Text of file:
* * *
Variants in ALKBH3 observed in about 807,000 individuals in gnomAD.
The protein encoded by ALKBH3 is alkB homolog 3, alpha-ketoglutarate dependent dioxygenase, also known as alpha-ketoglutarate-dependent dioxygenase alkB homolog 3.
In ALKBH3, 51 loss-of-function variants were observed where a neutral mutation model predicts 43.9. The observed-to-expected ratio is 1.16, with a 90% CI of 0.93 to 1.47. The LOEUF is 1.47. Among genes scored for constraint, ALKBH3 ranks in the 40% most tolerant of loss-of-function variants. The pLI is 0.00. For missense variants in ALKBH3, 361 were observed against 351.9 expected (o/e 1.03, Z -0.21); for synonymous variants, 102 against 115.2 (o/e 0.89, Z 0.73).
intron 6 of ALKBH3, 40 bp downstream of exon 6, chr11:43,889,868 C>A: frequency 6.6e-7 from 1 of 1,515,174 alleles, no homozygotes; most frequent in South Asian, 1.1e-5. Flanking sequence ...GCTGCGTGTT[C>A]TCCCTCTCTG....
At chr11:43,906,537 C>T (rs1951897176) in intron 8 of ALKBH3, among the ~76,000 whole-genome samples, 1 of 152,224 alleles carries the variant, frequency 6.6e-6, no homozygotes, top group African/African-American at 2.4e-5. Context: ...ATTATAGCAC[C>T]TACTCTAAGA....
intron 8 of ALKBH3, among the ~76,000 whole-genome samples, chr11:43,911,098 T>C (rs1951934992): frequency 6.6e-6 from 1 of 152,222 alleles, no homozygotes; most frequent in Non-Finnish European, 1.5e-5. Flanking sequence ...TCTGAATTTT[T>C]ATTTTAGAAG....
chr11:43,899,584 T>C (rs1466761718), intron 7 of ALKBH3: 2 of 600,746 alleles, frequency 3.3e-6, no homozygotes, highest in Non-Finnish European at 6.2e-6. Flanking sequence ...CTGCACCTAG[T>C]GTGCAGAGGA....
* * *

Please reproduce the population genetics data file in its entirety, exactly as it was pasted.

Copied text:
Variants in ALKBH3 observed in about 807,000 individuals in gnomAD.
The protein encoded by ALKBH3 is alkB homolog 3, alpha-ketoglutarate dependent dioxygenase, also known as alpha-ketoglutarate-dependent dioxygenase alkB homolog 3.
In ALKBH3, 51 loss-of-function variants were observed where a neutral mutation model predicts 43.9. The observed-to-expected ratio is 1.16, with a 90% CI of 0.93 to 1.47. The LOEUF is 1.47. Among genes scored for constraint, ALKBH3 ranks in the 40% most tolerant of loss-of-function variants. The pLI is 0.00. For missense variants in ALKBH3, 361 were observed against 351.9 expected (o/e 1.03, Z -0.21); for synonymous variants, 102 against 115.2 (o/e 0.89, Z 0.73).
intron 6 of ALKBH3, 40 bp downstream of exon 6, chr11:43,889,868 C>A: frequency 6.6e-7 from 1 of 1,515,174 alleles, no homozygotes; most frequent in South Asian, 1.1e-5. Flanking sequence ...GCTGCGTGTT[C>A]TCCCTCTCTG....
At chr11:43,906,537 C>T (rs1951897176) in intron 8 of ALKBH3, among the ~76,000 whole-genome samples, 1 of 152,224 alleles carries the variant, frequency 6.6e-6, no homozygotes, top group African/African-American at 2.4e-5. Context: ...ATTATAGCAC[C>T]TACTCTAAGA....
intron 8 of ALKBH3, among the ~76,000 whole-genome samples, chr11:43,911,098 T>C (rs1951934992): frequency 6.6e-6 from 1 of 152,222 alleles, no homozygotes; most frequent in Non-Finnish European, 1.5e-5. Flanking sequence ...TCTGAATTTT[T>C]ATTTTAGAAG....
chr11:43,899,584 T>C (rs1466761718), intron 7 of ALKBH3: 2 of 600,746 alleles, frequency 3.3e-6, no homozygotes, highest in Non-Finnish European at 6.2e-6. Flanking sequence ...CTGCACCTAG[T>C]GTGCAGAGGA....